Top Remote Access Security Risks That You Need To Know

Remote Access Security Risks

Whether working from home or on the go, remote access is a great way to stay productive. But before you can enjoy the freedom of working remotely, you need to ensure your data and devices are safe. Here are Top Remote Access Security Risks That You Need To Know.

Top Remote Access Security Risks That You Need To Know

Schemes of Phishing

Your remote employees may pose the greatest threat to the security of your network. Employees that inadvertently adopt cyber security poor practices may end up allowing hackers and cyber criminals access to your network and critical data.

Your employees could get perplexed about how to continue working safely when business activities abruptly or temporarily shift to remote work. Phishing tactics are the most common cyber hazard to remote employees.

Phishing schemes involve a person or entity impersonating a legitimate source. They do it via email, to trick a victim into providing personal login credentials or sensitive information. They use it to hack into accounts, steal more sensitive information, commit identity fraud, and other crimes.

Sharing of files

While businesses may consider encrypting data stored on their network, they may not consider encrypting data in transit from one site to another.

Your employees communicate so much sensitive information regularly. It covers from customer account information to files, and your organization cannot afford to leave this information vulnerable to a hacker.

When critical firm information does get intercepted, it can result in identity fraud, ransomware attacks, theft, and other problems.

Wi-Fi in the home

While most firms care about securing their remote employees’ work computers, many fail to consider how the Wi-Fi networks that their employees use at home may jeopardise corporate data security.

For example, many individuals know the importance of updating their smartphone or antivirus software, but updates to home network software did disregard.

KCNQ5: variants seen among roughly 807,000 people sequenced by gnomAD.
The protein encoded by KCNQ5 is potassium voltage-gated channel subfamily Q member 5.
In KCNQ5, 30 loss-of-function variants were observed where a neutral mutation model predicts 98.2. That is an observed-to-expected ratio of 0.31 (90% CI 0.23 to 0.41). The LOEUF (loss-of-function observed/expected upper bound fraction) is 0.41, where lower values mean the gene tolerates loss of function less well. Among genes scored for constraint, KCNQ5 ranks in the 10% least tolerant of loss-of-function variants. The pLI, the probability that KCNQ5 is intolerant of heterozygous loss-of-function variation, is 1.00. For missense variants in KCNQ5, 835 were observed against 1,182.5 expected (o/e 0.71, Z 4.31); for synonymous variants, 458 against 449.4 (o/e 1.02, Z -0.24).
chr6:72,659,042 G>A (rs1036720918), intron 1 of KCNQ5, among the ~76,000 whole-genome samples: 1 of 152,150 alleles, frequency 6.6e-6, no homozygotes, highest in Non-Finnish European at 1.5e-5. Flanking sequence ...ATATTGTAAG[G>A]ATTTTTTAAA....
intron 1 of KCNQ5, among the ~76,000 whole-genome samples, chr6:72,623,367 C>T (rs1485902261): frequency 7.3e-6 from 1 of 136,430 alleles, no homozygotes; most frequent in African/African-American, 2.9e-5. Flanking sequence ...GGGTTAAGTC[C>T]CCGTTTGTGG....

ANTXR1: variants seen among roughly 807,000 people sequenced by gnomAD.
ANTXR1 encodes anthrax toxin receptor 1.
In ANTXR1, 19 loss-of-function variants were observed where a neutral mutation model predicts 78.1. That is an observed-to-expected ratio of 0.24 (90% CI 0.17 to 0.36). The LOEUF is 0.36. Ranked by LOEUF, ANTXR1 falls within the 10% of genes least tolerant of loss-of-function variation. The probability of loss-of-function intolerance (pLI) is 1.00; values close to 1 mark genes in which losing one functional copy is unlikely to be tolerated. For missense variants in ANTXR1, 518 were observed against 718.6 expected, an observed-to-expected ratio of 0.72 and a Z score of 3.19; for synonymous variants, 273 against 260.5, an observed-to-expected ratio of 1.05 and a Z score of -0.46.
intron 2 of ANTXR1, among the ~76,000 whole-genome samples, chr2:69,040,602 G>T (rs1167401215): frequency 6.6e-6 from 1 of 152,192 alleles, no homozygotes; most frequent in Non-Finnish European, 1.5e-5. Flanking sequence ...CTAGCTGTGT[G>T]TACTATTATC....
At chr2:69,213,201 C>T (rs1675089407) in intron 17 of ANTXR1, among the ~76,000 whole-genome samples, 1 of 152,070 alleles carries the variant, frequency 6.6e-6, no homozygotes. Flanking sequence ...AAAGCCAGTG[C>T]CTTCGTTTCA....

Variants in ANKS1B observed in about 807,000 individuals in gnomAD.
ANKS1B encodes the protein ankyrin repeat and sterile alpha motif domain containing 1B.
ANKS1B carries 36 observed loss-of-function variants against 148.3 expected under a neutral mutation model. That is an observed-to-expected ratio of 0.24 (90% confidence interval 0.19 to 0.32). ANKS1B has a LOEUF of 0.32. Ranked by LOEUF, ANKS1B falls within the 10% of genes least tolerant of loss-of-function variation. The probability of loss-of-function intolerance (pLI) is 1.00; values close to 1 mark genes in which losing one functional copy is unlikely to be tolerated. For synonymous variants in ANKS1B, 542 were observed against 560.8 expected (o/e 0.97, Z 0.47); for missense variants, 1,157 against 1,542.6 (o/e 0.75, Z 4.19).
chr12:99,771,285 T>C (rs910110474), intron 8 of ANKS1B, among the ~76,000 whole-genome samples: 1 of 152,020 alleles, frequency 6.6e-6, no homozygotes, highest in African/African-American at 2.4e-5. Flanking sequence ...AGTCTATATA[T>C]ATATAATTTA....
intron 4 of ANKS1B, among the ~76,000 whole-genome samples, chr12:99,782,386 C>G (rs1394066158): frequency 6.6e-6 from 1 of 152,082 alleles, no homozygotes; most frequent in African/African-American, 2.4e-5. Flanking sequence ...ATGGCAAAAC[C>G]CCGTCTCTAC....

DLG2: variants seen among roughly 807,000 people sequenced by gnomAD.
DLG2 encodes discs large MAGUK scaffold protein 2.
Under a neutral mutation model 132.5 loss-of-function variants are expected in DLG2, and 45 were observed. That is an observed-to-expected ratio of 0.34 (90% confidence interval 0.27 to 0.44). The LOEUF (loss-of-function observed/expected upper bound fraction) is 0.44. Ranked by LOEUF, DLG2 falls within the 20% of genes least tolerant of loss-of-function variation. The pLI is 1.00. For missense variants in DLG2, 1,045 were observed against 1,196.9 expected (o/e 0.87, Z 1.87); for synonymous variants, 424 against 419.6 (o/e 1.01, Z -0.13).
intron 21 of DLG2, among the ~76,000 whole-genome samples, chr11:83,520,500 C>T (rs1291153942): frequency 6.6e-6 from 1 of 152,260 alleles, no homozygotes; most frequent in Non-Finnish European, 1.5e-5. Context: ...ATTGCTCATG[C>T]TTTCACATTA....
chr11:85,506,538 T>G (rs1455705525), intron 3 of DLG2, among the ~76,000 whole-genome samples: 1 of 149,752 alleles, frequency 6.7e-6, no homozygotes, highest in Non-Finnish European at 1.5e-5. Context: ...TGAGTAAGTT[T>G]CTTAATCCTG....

Routers that do not update, like other devices such as your smartphone, will not have security flaws addressed. It leads to data breach threats over time. Furthermore, although most businesses have firewalls to monitor network traffic and prohibit harmful activity, many consumers do not have a firewall to protect their home network. While some routers are hybrid router-firewalls, these firewalls are not very safe, potentially exposing remote employees to network security holes.

Personal Electronics

Employees who work remotely do not generally pack up their complete workplace and carry home gear like printers and desk phones. As a result, people may resort to conducting business remotely utilizing personal smartphones and home printers.

While working from personal devices might provide employees with independence and flexibility, they can also offer cyber security issues.

Most individuals don’t think to encrypt their devices, especially regarding data as mundane as voicemails. However, unless the phone is encrypted when work is done on a personal cellphone, such as phone calls and logins to corporate accounts, hackers might obtain this data.

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